And part of the Health Reform Act is going to have doctors and medical experts say, what’s the best way to care for a patient with a particular ailment? And let’s start reimbursing doctors for the overall outcome, as opposed to the number of procedures that they’re doing.
That way it may turn out we’ll have fewer procedures, but overall a better outcome. And providers will get full reimbursement for those things that are effective. They may not get reimbursement for things that have been shown to be less effective.
Now, all these changes are not going to happen overnight. They’re going to take some time because this system has been such a mess for such a long time, that making it more rational is something that will take several years. But I’m optimistic we can do it. And I appreciate the great work that you’re doing. So tell everybody, all your coworkers, help’s on the way. (Laughter.)
This has been a terrific conversation. I want to close just by telling you something that happened this week that was I think the highlight of my week.
I had a — we hosted the first White House Science Fair at the White House because we realized when the Lakers win the NBA championship, we have them over to the White House. And when the Alabama Crimson Tide wins the national championship, we have them over to the White House. And when these incredible young people are winning international science competitions, or participating in these national competitions, nobody is acknowledging them. And that’s sending the wrong message about what’s going to be the most important thing to allow us to compete into the future.
So we had this national science competition. And a select group of them set up displays in the State Room in the White House. And it was unbelievable watching these kids. I mean, you had a young woman who was — had designed a energy-efficient car, and had a scale model that was made out of some material that I had never heard of before.
You had a group from Tennessee that had designed this water purification system that was self-generating through a water wheel. And the whole thing was only about yea big, but it could provide filtered water for 60 families very cheaply.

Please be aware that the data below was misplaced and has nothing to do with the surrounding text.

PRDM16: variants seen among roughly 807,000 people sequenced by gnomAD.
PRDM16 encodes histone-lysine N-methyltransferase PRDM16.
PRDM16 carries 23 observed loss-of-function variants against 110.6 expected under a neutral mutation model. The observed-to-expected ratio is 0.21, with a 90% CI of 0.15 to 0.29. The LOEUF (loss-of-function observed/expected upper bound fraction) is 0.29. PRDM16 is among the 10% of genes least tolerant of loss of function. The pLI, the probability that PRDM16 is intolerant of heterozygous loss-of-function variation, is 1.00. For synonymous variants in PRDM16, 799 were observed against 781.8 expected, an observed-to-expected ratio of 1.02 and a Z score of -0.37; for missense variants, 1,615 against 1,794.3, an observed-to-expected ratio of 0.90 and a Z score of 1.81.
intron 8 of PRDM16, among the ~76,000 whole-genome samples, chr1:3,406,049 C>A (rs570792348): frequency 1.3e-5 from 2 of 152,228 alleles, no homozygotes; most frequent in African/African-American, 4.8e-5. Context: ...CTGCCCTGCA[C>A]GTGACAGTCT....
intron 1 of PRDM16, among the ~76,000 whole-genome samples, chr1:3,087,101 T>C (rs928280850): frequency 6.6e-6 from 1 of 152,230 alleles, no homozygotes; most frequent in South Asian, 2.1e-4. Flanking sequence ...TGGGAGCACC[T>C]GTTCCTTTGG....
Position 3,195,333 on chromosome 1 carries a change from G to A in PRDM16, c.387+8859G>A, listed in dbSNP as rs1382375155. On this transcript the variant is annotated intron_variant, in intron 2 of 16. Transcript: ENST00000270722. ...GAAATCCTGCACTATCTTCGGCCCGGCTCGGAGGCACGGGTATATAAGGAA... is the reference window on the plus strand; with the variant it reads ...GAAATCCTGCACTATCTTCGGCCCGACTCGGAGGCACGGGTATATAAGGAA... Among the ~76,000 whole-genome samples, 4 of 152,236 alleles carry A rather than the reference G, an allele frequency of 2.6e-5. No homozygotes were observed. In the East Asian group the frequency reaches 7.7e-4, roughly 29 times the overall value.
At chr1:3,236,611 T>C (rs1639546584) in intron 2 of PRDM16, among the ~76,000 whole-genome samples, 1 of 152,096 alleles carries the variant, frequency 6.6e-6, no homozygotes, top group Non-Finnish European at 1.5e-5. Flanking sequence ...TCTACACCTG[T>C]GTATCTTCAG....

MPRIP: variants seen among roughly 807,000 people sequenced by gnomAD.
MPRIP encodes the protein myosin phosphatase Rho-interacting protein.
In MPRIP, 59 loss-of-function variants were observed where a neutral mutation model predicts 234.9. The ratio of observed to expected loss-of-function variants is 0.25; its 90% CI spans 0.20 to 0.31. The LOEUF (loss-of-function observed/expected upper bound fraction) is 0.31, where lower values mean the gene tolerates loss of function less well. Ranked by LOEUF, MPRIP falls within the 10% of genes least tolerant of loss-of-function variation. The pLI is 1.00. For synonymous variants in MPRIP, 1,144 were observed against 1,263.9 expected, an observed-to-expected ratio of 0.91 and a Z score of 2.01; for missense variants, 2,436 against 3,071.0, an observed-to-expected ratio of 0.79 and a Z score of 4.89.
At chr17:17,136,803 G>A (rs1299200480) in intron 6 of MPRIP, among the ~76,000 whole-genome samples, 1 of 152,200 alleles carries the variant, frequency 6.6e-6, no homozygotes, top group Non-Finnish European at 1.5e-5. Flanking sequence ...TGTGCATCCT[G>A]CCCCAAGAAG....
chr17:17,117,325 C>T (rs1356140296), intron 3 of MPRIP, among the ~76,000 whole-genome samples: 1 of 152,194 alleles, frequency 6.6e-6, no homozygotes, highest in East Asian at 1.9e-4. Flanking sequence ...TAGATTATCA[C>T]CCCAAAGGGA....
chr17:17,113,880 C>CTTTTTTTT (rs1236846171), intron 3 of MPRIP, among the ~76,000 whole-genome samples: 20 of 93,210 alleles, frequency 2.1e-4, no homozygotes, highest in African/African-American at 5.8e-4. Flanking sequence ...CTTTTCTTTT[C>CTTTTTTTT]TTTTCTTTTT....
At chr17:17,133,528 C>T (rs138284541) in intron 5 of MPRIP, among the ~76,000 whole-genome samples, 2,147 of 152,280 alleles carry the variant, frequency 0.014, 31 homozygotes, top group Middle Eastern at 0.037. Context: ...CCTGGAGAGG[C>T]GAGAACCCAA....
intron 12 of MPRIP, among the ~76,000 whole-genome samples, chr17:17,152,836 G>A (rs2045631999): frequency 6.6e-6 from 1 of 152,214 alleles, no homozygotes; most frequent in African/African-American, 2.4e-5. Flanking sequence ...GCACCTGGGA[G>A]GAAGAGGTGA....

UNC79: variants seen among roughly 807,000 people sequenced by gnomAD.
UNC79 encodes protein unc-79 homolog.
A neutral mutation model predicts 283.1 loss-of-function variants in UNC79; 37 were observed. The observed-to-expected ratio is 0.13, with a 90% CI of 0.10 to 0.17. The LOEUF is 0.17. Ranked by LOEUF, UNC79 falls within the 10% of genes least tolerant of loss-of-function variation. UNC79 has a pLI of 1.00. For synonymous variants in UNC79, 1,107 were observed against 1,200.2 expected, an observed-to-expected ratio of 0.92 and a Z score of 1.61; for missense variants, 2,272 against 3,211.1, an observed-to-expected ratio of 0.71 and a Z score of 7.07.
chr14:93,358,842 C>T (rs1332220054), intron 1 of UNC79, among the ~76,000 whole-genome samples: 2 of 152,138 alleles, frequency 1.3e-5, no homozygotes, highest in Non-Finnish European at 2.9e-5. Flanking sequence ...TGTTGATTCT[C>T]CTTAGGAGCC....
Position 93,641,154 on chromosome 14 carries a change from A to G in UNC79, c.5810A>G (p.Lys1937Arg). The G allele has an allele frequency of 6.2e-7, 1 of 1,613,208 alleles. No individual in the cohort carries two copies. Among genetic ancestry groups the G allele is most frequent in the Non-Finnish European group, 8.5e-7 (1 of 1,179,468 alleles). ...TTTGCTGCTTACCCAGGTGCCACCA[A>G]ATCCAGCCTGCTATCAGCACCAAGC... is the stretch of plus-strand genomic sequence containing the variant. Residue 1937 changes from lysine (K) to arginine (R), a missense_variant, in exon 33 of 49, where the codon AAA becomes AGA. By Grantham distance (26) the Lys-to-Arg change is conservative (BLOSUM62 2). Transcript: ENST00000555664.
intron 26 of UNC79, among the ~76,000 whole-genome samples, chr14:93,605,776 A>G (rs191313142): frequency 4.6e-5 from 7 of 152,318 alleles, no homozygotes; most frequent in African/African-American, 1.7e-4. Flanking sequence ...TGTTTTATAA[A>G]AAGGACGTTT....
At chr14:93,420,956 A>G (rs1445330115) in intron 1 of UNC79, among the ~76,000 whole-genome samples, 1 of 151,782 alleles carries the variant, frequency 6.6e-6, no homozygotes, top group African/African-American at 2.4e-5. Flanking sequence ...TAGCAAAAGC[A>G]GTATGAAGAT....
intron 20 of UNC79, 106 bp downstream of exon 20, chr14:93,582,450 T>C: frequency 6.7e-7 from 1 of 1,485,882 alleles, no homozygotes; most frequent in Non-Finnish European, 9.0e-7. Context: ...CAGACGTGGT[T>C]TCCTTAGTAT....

These are all high school kids, by the way. You had this — a couple of these Latino kids who had designed this chair for doing therapy for people who are disabled that they had designed from scratch because they had seen a friend of theirs who was disabled and not had the equipment that he needed. And they didn’t have a lot of money in the school, so they actually sold tamales to finance this project. First time they had ever been on a plane was actually to fly to the competition that they ended up doing so well on.
And then the last person I met — and there were others who were doing unbelievable stuff — but the last young woman I met, she was 16 years old. In her freshman year, she had taken biology, had gotten interested in the life sciences. Was particularly interested in cancer treatment. So she decided, between her freshman and sophomore year, to teach herself chemistry in the summer, because she was so anxious to get started on learning more about cancer treatments.
And she decided as a science project to try to invent a new cancer drug — (laughter) — because right now there are clinical trials and experimental treatments where you inject the drug into the cancer, and then it’s activated by light, and it potentially will just kill the cancer cells without killing the healthy cells, unlike chemotherapy or radiation treatments.
And so — but apparently the ones that are being tested right now by all the big laboratories, they only can be used for skin cancer or places where the light can penetrate fairly close to the surface.
So she literally designed a new drug, won the international science competition, and now is being contacted by all these laboratories around the world who are working on this — these types of drugs. She’s very smart. (Laughter.) She’s 16 years old. She hasn’t graduated from high school yet.
Here’s the point: When you talk to these young people, you felt so optimistic about America. You felt like there’s nothing that can stop us. If we can just harness that energy and that ingenuity, and if we’re investing in those kids, and we’re giving them a chance, and they’re able to start their own businesses and their own engineering firms, and if they’re in the classroom teaching younger kids that same sense of wonder and excitement, there’s nothing we can’t do.
And I think that’s important to remember because we’ve gone through a very difficult time over the last couple years. But there are kids like that all across the country. And if we create the right conditions for them, they will make sure that the 21st century is the American century just like the 20th was.
Thank you so much, everybody. Appreciate you. (Applause.)